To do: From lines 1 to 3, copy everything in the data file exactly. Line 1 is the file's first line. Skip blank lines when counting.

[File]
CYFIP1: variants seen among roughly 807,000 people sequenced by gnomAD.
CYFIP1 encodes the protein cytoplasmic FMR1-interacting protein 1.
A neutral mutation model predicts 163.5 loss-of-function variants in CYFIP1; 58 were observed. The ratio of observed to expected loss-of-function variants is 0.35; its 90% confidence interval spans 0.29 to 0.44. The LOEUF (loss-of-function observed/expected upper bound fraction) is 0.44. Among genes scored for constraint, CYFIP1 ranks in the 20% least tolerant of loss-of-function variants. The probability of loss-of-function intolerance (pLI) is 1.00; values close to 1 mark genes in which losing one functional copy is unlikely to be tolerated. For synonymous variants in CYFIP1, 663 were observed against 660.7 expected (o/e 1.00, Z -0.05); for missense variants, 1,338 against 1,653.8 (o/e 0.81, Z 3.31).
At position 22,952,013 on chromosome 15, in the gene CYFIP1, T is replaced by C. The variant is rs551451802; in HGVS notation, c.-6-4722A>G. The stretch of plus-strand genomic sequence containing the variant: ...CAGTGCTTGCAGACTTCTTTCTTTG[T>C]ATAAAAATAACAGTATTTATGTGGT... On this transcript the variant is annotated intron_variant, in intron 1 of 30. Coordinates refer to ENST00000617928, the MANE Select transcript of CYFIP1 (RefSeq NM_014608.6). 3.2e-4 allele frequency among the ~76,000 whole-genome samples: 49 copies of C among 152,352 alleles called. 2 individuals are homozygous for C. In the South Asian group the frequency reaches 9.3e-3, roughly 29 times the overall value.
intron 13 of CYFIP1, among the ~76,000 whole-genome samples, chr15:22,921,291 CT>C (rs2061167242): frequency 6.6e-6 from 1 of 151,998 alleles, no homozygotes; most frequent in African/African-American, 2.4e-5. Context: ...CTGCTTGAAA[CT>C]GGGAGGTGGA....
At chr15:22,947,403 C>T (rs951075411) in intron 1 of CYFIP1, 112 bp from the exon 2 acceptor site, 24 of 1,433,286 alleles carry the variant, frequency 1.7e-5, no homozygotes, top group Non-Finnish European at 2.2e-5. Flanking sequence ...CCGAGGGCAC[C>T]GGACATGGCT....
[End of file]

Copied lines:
CYFIP1: variants seen among roughly 807,000 people sequenced by gnomAD.
CYFIP1 encodes the protein cytoplasmic FMR1-interacting protein 1.
A neutral mutation model predicts 163.5 loss-of-function variants in CYFIP1; 58 were observed. The ratio of observed to expected loss-of-function variants is 0.35; its 90% confidence interval spans 0.29 to 0.44. The LOEUF (loss-of-function observed/expected upper bound fraction) is 0.44. Among genes scored for constraint, CYFIP1 ranks in the 20% least tolerant of loss-of-function variants. The probability of loss-of-function intolerance (pLI) is 1.00; values close to 1 mark genes in which losing one functional copy is unlikely to be tolerated. For synonymous variants in CYFIP1, 663 were observed against 660.7 expected (o/e 1.00, Z -0.05); for missense variants, 1,338 against 1,653.8 (o/e 0.81, Z 3.31).